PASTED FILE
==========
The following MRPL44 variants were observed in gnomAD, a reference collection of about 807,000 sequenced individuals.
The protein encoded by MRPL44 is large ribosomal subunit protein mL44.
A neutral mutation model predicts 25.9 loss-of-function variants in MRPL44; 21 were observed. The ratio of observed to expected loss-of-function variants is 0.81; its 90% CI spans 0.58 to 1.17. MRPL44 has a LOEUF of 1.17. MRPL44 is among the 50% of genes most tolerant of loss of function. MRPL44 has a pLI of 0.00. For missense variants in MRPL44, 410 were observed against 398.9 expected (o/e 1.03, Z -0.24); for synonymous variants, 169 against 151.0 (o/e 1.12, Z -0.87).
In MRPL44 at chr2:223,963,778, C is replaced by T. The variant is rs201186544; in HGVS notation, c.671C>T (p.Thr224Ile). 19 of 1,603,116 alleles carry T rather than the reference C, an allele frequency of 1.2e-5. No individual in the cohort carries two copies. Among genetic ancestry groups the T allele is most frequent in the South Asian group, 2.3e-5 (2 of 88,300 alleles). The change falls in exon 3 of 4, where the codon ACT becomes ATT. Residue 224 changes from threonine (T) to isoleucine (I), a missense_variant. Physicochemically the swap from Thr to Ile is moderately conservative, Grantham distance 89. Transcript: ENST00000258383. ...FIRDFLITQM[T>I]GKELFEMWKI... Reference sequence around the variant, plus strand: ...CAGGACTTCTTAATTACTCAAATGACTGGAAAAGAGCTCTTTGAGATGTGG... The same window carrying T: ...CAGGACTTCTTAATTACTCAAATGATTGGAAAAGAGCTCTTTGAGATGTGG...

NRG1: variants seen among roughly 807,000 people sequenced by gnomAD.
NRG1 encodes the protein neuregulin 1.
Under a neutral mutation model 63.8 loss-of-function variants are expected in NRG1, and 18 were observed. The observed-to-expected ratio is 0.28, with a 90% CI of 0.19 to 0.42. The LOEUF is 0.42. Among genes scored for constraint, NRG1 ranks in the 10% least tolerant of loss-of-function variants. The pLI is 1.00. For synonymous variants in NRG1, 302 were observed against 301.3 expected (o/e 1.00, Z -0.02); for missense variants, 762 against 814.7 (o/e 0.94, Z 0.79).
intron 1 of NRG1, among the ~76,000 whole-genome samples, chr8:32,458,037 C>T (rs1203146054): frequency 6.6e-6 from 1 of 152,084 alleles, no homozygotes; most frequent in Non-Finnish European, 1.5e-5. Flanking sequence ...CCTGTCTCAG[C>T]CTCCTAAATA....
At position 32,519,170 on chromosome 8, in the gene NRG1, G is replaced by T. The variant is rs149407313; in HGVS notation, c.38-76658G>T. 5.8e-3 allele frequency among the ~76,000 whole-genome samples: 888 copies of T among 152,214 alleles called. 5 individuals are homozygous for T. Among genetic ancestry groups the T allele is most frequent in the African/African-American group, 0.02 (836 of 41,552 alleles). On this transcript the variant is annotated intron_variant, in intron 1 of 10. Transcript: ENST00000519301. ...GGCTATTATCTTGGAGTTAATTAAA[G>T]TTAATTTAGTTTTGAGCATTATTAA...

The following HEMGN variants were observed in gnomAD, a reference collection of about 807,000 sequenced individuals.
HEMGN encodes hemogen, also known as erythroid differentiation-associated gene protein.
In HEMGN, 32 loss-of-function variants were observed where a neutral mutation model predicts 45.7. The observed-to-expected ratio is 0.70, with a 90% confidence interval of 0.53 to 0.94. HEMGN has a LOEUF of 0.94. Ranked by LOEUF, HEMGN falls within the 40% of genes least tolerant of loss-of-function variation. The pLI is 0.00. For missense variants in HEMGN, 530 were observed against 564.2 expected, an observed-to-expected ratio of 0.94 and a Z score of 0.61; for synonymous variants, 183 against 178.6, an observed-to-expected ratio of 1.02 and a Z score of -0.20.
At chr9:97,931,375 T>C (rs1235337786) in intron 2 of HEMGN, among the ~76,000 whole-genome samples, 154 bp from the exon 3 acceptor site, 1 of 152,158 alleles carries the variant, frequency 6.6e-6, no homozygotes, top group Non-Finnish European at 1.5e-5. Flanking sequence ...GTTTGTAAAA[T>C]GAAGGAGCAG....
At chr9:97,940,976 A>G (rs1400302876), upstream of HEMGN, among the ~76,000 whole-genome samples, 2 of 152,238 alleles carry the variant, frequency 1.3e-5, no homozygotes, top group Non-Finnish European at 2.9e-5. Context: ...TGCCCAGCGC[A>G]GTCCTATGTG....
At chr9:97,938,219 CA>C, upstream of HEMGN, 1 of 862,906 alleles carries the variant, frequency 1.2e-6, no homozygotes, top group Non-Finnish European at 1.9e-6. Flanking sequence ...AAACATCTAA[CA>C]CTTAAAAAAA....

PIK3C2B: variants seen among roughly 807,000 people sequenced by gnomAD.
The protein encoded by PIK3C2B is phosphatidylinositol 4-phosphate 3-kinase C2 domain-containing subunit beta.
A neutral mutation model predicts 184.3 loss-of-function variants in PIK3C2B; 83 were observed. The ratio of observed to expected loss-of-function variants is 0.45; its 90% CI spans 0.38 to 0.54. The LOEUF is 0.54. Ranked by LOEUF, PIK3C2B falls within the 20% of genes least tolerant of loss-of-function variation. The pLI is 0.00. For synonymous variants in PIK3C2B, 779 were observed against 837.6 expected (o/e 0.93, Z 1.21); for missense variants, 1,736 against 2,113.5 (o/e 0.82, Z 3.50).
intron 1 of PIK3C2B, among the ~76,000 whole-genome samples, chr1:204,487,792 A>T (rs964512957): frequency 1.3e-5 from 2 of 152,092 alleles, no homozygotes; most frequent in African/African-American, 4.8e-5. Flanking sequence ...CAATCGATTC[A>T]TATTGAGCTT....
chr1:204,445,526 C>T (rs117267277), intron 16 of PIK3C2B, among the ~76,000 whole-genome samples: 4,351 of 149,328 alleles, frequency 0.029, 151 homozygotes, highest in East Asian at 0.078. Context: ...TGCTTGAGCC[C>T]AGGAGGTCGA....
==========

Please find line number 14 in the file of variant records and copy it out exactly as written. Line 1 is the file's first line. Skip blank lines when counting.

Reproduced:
At chr9:97,940,976 A>G (rs1400302876), upstream of HEMGN, among the ~76,000 whole-genome samples, 2 of 152,238 alleles carry the variant, frequency 1.3e-5, no homozygotes, top group Non-Finnish European at 2.9e-5. Context: ...TGCCCAGCGC[A>G]GTCCTATGTG....